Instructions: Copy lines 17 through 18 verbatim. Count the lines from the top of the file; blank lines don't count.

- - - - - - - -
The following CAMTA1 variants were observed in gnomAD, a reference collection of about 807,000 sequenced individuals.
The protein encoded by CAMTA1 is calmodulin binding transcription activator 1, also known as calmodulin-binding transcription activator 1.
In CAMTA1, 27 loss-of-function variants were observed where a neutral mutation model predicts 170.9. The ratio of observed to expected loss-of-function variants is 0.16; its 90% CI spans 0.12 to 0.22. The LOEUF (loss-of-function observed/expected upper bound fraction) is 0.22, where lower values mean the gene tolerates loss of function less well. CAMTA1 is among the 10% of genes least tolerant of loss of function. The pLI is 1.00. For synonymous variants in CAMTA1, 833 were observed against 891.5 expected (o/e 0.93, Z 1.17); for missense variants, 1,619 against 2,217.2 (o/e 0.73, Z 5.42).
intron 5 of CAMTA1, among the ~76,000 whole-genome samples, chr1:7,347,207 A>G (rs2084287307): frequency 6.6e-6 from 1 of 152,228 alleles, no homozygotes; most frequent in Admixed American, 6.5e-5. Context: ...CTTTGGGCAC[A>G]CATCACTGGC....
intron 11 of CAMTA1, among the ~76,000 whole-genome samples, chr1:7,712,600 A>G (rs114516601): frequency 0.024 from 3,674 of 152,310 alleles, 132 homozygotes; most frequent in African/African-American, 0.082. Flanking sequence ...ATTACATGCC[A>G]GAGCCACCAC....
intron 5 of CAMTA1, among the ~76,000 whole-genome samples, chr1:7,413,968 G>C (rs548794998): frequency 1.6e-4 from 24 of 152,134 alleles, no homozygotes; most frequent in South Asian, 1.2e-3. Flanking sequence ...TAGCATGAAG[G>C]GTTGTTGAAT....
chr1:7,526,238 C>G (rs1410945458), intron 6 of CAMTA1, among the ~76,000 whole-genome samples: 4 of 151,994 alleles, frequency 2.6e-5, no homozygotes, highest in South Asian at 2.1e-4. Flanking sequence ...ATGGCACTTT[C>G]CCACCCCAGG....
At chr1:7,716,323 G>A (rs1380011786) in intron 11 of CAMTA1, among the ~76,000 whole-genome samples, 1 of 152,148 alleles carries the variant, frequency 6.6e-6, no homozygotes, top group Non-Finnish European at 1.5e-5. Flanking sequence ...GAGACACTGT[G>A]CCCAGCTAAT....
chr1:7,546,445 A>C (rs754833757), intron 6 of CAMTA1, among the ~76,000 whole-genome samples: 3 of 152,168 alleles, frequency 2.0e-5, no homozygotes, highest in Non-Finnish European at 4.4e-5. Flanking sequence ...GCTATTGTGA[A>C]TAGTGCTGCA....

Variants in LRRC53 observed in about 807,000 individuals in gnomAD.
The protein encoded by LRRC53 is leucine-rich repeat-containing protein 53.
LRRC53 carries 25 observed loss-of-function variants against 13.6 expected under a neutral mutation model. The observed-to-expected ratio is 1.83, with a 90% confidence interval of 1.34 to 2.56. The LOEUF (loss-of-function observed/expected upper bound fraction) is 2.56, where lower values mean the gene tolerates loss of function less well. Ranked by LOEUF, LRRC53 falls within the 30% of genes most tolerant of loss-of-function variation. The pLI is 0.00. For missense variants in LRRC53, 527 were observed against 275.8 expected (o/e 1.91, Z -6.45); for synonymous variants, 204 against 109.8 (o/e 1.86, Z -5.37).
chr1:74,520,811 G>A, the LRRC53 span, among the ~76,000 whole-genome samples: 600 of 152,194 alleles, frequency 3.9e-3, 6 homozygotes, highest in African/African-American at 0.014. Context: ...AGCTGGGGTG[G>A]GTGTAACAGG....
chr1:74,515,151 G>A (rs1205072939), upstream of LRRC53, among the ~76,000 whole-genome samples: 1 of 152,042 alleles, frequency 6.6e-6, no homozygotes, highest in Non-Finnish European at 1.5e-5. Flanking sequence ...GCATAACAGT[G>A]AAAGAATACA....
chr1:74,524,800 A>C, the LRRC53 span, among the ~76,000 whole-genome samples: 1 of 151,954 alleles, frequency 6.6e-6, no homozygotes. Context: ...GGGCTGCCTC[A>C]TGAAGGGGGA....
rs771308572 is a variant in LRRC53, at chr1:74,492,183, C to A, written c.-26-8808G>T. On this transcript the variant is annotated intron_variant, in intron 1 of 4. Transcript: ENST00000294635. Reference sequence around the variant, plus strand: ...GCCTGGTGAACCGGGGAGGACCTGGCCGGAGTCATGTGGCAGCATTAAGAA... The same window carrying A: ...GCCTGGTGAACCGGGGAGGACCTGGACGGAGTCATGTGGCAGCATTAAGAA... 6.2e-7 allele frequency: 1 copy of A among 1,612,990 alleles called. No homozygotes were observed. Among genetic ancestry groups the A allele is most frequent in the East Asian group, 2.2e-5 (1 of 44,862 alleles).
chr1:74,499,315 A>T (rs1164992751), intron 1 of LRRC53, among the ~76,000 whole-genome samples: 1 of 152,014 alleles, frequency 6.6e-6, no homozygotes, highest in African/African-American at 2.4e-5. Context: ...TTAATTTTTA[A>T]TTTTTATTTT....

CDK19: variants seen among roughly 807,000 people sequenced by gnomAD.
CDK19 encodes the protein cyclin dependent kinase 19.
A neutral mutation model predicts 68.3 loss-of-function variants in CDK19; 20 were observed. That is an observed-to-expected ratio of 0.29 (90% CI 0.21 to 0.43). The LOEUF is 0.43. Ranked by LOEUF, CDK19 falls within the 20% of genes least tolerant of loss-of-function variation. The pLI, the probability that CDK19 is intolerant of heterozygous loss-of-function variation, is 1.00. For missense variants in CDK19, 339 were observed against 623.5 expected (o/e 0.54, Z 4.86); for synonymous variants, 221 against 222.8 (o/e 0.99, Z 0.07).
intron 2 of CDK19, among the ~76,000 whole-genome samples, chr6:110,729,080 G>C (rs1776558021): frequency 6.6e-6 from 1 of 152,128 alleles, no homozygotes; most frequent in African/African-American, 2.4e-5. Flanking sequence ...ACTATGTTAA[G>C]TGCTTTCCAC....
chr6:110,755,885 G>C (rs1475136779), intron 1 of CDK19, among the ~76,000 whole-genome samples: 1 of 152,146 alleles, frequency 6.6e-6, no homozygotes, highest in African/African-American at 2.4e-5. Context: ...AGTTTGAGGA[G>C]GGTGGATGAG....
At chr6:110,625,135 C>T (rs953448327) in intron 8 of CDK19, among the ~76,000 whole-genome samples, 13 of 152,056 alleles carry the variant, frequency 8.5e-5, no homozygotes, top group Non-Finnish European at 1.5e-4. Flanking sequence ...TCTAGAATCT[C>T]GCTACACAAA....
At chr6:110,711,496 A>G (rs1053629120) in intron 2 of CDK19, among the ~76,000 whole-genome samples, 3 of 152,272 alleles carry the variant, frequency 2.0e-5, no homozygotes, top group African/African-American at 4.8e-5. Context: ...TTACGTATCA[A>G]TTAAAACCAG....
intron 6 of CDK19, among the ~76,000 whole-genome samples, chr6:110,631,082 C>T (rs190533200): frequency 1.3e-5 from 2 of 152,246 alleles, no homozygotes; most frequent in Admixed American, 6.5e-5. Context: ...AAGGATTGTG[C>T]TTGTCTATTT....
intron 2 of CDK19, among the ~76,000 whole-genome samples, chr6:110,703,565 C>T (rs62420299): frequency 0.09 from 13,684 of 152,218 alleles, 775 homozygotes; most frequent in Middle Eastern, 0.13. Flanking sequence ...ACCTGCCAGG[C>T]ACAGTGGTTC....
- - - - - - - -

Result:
chr1:74,499,315 A>T (rs1164992751), intron 1 of LRRC53, among the ~76,000 whole-genome samples: 1 of 152,014 alleles, frequency 6.6e-6, no homozygotes, highest in African/African-American at 2.4e-5. Context: ...TTAATTTTTA[A>T]TTTTTATTTT....

CDK19: variants seen among roughly 807,000 people sequenced by gnomAD.